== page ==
What I heard at the National Prayer Breakfast

Recently I did something for the first time: I attended the National Prayer Breakfast in Washington DC. Held annually since 1953, the breakfast is sponsored by the Fellowship (sometimes called “the Family”), a shadowy organization with connections especially to conservative members of Congress.

I went with my crap detectors on high alert. In addition to my cynicism about the sponsoring group, I expected an unholy blending of prayer and politics, piety and patriotism.

To my surprise, there wasn't much in the way of overt patriotism: there was no pledge of allegiance, no saluting of the flag, no national anthem. If there was an American flag anywhere, I missed it.

Ben Carson, a nationally respected pediatric neurosurgeon, was the keynote speaker. An African-American evangelical, Carson has a compelling story to tell. He was raised by a single mother in Detroit, and he said that she limited his and his brother's TV watching during the week. They went to the public library each week and took out books to read, and his mother expected them to write book reports and give them to her. Only later did they discover that she couldn't even read what they had written.

Conservatives loved what Carson had to say, and not just because it confirmed their bias toward getting ahead by pulling up one’s own bootstraps. Much of Carson’s speech sounded like Republican talking points. He began with a nebulous jab at political correctness. With President Obama sitting a few feet away, he criticized the Affordable Care Act. He took aim at the national debt. And he pushed for what amounts to a flat income tax: appealing to the biblical tithe, he suggested that rich people shouldn’t have to pay taxes at a higher rate than people of modest means. Carson’s speech has even led some to suggest he should consider running for president in 2016. 

Conservatives as different as Cal Thomas and John Stackhouse were critical of Carson’s speech. Thomas, a nationally syndicated columnist, said Carson owes the President an apology for criticizing his policies at an event billed as nonpartisan. Stackhouse, a Canadian evangelical theologian, critiqued Carson for promoting a self-help gospel rather than the Christian one.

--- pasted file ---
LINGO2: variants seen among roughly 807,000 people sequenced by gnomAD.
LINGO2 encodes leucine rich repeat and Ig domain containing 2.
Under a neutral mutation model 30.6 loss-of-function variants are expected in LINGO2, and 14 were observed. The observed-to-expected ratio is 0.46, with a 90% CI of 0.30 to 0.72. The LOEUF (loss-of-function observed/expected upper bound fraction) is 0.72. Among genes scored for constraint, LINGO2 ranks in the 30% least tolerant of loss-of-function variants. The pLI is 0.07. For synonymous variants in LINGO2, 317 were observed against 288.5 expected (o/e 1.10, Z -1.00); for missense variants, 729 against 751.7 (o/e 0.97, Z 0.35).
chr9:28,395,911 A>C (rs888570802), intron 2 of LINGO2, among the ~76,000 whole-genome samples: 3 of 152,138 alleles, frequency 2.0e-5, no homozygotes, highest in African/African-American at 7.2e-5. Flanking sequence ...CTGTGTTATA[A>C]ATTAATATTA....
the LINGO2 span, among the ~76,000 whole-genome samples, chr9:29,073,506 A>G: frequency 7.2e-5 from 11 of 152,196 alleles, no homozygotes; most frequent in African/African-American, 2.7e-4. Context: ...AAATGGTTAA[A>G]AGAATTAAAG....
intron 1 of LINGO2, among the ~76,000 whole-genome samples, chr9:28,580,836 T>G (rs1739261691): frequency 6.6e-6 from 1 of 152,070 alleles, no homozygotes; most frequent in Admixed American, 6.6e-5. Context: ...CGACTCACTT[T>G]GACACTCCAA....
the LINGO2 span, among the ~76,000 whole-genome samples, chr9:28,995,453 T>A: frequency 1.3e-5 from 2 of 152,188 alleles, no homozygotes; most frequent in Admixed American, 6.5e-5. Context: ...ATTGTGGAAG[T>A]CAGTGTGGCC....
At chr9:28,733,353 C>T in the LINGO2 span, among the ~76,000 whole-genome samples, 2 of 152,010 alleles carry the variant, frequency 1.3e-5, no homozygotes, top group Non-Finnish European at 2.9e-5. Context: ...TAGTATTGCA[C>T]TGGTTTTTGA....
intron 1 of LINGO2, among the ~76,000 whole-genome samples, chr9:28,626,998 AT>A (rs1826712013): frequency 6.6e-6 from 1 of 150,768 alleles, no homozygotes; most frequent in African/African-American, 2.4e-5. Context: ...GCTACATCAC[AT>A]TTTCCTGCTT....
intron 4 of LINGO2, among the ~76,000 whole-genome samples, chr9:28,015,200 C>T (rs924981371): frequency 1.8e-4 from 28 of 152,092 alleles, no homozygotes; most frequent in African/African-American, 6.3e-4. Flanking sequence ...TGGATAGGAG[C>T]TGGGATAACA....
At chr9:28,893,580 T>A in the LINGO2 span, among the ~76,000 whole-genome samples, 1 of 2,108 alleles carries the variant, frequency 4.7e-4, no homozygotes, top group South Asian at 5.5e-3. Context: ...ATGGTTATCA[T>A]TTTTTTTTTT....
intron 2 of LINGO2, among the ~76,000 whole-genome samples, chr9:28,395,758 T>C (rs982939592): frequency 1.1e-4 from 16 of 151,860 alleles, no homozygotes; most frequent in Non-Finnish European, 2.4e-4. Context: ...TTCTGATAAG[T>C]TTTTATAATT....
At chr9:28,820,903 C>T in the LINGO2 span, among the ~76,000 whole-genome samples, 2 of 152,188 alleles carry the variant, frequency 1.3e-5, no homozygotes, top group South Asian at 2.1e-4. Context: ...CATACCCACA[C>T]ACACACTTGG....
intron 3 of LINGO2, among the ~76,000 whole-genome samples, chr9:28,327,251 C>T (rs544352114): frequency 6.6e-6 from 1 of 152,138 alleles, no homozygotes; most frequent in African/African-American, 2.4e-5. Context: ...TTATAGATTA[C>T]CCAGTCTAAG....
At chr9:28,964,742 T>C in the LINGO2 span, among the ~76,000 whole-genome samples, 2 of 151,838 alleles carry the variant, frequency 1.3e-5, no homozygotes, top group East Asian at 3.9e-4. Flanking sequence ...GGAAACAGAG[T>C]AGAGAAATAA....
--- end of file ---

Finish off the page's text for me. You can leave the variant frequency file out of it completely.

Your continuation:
The President, regardless of party affiliation, is always expected to attend and give a speech. President Obama got the last word, speech-wise. His demeanor was noticeably low key. His lack of a spirited presentation reminded me somewhat of his disastrous first debate with Mitt Romney last fall in Denver. A friend I attended with said the president’s apparent lack of energy could just be an indication that he too is cynical about this event.

I found a couple aspects of Obama’s speech to be noteworthy. He acknowledged his own Christian faith, while respectfully pointing out that there are good Americans of other faiths and others of no faith. He may just be remembered as the first U.S. president to appreciate religious pluralism. And his speech ended with a call for humility in politics—what I would call the most underrated virtue in public life. “Those of us with the most power and influence need to be the most humble,” the president said.

At one point, Obama made what sounded like an off-the-cuff comment about how people come together for this occasion to pray, then go back to their offices and jobs and it’s business as usual. It came off as part lament, part rebuke. Other than the scriptures read near the outset, it was the most truthful thing I heard at the prayer breakfast.

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